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Michigan Farmers Make Good Planting Progress
Michigan Ag Connection - 05/15/2018

There were 3.5 days suitable for fieldwork in Michigan during the week ending Sunday, according to Marlo Johnson, director of the Great Lakes Regional Office of the National Agricultural Statistics Service. Warm, dry weather at the beginning of the week allowed producers to make good planting progress. As the week came to an end, saturated soils due to wide spread precipitation halted progress for many producers. Corn, soybean, and oat planting continued in between rain showers. The rains were helpful to those who were able to complete some planting earlier in the week. Barley continued to make steady progress and sugarbeet planting was almost complete.

Winter wheat condition decreased slightly as the wet conditions negatively affected the crop in some areas. Some producers were able to make herbicide applications on their wheat this past week. Other activities during the week included spreading manure, fertilizing, and spring tillage.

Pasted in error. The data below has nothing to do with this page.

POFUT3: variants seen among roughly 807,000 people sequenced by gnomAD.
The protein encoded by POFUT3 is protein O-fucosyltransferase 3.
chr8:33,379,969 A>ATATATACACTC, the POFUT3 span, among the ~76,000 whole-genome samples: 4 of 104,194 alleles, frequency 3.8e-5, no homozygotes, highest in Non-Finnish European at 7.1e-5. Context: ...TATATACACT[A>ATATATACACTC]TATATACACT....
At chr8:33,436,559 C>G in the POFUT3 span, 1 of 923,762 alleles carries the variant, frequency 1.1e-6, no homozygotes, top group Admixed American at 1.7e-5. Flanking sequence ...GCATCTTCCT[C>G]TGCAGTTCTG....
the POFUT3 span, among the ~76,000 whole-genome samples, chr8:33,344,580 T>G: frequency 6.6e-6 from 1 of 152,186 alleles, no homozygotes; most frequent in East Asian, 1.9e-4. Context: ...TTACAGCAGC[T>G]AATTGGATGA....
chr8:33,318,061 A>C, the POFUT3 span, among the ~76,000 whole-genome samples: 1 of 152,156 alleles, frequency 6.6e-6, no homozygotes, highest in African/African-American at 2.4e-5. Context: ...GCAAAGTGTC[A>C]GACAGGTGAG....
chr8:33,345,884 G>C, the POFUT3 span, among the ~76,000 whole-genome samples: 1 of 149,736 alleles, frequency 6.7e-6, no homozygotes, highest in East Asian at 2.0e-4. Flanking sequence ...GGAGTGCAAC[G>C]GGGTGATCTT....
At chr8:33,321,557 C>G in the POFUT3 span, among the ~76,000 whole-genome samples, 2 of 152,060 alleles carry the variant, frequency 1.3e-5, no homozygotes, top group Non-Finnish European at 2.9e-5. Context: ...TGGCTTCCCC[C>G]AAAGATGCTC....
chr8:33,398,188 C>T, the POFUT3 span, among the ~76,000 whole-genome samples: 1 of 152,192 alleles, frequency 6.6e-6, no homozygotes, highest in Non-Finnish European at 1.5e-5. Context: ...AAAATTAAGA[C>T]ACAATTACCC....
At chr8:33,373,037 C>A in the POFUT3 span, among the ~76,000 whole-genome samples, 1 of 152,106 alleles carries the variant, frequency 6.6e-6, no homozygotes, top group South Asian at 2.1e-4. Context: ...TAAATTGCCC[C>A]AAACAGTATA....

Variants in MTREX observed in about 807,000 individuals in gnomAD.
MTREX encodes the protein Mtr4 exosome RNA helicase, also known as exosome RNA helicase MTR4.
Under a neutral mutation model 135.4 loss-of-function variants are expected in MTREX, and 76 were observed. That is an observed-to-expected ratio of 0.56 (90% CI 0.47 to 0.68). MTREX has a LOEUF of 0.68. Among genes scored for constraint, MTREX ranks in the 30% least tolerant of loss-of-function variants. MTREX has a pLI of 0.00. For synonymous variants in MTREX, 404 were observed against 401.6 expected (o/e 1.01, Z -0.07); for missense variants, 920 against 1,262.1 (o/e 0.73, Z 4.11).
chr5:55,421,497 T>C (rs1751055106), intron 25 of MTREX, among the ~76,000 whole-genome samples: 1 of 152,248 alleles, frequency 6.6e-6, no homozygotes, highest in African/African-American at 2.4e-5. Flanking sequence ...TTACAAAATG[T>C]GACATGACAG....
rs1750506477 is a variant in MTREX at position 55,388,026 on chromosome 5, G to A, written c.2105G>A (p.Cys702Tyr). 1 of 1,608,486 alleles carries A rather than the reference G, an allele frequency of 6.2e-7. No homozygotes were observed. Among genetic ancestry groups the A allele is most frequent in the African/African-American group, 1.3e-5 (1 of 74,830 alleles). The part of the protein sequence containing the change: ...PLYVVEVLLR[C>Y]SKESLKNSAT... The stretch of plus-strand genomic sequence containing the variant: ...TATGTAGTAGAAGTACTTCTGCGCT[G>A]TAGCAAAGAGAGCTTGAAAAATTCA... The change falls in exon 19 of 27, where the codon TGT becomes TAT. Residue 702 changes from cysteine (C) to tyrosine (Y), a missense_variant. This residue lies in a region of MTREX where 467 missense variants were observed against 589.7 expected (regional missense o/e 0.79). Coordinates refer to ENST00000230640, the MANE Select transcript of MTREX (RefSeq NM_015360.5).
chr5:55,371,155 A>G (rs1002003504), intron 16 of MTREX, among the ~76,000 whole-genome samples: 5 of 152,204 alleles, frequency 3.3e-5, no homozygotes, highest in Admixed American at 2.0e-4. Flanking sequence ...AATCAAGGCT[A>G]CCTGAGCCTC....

Recent rains and warming temperatures helped many areas catch up in growing degree-days and pushed fruit crop development very quickly. Growers in the Northwest were finishing pruning, removing brush, and applying dormant apple sprays.

Apricots ranged from full bloom in the West Central region to fruit in the shuck in the Southwest.

Peaches, sweet cherries, and tart cherries were finishing bloom in southernmost counties, beginning bloom in central counties, and were at bud burst to early bloom in the Northwest.

Japanese plums ranged from full bloom to petal fall while European plums ranged from first white to full bloom.

In the Southwest and East, pears ranged from tight cluster to early bloom while apples were at first bloom in early varieties and at first pink in later varieties. Juice grapes in the Southwest were past bud burst while wine grapes in the Northwest ranged from early to late bud swell.

Blueberries ranged from tight cluster in late blooming varieties to pink bud for early varieties.

Strawberry flower trusses have emerged from the crown and bloom has begun in the Southwest.

Squash and pumpkin seedings were beginning to emerge in the Eastern region.

Green bean planting continued as early seeded beans were emerging.

Tomato and Cole crop planting was ongoing in the Southeast.

Carrot planting in the West Central region was progressing as weather allowed. Asparagus harvest was underway in the Southwest.

Asparagus beetle was causing problems in some fields and had to be controlled with insecticides.

Early planted sweet corn was emerging as planting continued for later harvests.

Hops were making good progress with some yards showing growth around 2 feet tall.

Potato planting was ongoing in most major growing regions as weather permitted.

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